Look for mentors, international diplomat Mara Rudman ’84 told students as she taught a class as part of the this summer’s “Leading Voices in Politics and Public Policy” lecture series, which is bringing national political and policy experts and presidential candidates to Dartmouth.
Mara Rudman ’84, deputy Middle East envoy at Department of State, speaking with Dartmouth students during a luncheon at the Hanover Inn. Rudman came to Dartmouth as part of the “Leading Voices in Politics and Policy” lecture series. (photo by Corinne Arndt Girouard)
Rudman, who is currently deputy Middle East envoy at the Department of State, talked about her work in the Obama and Clinton administrations in her August 16 classroom visit and in an interview later reflected on her time at Dartmouth.
“Dartmouth is the place where I started getting exposed to a much broader world than I’d seen before,” she said. “I came away with greater confidence in myself, which was a tremendous gift.”
She also gained the sense that she would be able to “hold my own in any room, which I didn’t have before I got here. Going out into the world with that feeling was huge.”
And Rudman has been out in the world for two decades now. In addition to her current posting as deputy envoy and chief of staff in the Office of the Special Envoy for Middle East Peace at the State Department, she has served as deputy assistant to President Obama and executive secretary to the National Security Council. She also worked as a deputy national security advisor and National Security Council chief of staff to President Clinton and, earlier in her career, was chief counsel to the House Foreign Affairs Committee under then-Chairman Rep. Lee Hamilton, (D-Ind.).
Rudman said Hamilton was an early mentor, as were former Dartmouth Government Professors Ian Lustick and Charles McLane ’41.
“Look for good teachers wherever you are,” she told the students.
Rudman and other participants in the “Leading Voices” series—including Senator Jeanne Shaheen (D-N.H.), Senator Rob Portman ’78, (R-Ohio), and several Republican presidential candidates—have taught the companion public policy class and met with students over lunch.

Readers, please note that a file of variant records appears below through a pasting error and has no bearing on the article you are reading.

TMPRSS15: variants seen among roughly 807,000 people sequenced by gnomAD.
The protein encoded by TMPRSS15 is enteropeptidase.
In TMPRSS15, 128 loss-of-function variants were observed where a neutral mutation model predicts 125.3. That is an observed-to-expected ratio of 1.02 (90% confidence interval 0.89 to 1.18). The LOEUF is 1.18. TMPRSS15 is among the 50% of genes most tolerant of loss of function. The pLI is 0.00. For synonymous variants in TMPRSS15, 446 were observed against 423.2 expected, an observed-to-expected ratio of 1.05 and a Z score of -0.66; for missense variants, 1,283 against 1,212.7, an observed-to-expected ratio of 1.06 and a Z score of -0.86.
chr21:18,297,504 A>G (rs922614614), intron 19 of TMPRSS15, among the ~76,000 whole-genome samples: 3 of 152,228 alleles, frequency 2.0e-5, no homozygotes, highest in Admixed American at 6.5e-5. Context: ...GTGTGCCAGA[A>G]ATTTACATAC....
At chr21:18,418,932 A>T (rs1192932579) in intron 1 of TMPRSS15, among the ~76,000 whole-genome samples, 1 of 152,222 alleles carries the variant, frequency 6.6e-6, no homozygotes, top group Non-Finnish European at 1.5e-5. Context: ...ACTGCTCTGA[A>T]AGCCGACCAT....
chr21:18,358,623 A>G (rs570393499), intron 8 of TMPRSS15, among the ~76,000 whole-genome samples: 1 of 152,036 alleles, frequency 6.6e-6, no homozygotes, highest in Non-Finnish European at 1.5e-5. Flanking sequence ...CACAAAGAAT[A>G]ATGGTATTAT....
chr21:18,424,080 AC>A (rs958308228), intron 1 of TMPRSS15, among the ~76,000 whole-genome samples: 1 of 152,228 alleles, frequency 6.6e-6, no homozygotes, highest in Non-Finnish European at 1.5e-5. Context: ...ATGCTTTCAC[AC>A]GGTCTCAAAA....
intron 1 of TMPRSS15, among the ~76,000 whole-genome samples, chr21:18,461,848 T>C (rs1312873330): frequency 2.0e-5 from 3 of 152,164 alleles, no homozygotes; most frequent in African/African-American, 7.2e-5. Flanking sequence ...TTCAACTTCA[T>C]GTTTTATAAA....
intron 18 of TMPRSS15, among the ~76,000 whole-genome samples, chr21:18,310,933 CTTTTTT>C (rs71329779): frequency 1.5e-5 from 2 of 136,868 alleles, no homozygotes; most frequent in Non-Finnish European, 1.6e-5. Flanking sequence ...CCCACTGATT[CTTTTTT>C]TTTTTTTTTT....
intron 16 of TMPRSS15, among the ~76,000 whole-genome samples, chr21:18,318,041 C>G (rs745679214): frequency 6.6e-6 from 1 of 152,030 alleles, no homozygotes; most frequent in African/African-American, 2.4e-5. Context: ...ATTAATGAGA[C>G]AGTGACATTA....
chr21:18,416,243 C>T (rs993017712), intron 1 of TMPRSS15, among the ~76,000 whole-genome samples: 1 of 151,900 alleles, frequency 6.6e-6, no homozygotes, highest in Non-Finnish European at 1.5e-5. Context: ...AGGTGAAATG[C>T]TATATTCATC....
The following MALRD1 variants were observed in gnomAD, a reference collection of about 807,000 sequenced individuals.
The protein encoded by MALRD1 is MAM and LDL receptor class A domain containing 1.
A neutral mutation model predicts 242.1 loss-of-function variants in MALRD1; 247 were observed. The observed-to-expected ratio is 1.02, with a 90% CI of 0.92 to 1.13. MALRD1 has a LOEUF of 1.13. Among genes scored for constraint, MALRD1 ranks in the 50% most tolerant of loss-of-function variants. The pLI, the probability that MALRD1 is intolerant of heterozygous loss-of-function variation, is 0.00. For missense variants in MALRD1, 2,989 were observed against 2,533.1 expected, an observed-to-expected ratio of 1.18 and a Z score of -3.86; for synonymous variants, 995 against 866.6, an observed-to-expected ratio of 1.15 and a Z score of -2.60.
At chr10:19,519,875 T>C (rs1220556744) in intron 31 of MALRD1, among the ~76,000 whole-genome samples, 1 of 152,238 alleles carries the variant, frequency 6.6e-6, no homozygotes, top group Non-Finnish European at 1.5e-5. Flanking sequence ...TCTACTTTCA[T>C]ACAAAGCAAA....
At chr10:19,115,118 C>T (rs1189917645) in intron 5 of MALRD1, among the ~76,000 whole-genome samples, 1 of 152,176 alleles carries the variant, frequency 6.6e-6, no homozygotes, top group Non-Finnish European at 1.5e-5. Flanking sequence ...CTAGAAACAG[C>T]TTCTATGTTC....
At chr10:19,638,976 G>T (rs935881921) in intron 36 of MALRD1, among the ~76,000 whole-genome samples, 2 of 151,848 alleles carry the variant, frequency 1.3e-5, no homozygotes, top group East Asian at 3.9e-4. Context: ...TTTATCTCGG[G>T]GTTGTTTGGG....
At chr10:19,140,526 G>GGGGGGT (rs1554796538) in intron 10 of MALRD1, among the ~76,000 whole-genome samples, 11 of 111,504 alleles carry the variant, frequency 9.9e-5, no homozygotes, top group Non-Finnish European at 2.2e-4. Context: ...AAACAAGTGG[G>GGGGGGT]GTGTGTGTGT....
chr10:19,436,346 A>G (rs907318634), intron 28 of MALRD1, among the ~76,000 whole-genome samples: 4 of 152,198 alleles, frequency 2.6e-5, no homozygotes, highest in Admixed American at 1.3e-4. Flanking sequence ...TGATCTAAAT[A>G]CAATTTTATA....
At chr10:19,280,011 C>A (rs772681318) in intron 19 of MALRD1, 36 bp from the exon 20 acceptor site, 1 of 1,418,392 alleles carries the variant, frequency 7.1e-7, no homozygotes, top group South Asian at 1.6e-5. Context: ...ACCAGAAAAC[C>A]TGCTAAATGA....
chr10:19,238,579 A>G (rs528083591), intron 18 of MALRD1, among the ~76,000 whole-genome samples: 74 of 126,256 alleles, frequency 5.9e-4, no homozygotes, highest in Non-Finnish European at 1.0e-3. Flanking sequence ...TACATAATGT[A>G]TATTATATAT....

Others visitors to campus this summer have delivered public lectures in the series. For a complete listing of series participants, see the “Leading Voices in Politics and Policy” website. The lectures are available on Dartmouth’s YouTube channel. Each lecture addresses a major topic shaping current policy and political debate at the national level. The issues include the federal deficit, health-care reform, public education, financial bailouts, and partisan politics.
The next lecturer is Jeff Immelt ’78, CEO and chairman of GE and a Dartmouth trustee, who will speak on Thursday, August 18, at 4:30 p.m., in the Hopkins Center’s Moore Theater. The final speaker in the series will be Gallup Poll Editor-in-Chief Frank Newport, on Tuesday, August 23, also at 4:30 p.m., in Moore Theater.
Other Leading Voices lecturers have included former Treasury Secretary Henry Paulson Jr. ’68 and current Treasury Secretary Tim Geithner ’83, former Labor Department Secretary Robert Reich, former Senator Judd Gregg, (R-N.H.), former New York City schools Chancellor Joel Klein, and Dartmouth President Jim Yong Kim.
This summer isn’t the only time presidential candidates will visit Dartmouth. Republicans running for the presidency will be on campus for a debate on the U.S. economy on October 11. Hosted by Dartmouth, Bloomberg Television, The Washington Post, and WBIN-TV, the event will be broadcast nationally and around the globe by Bloomberg Television and streamed online by Washingtonpostlive.com.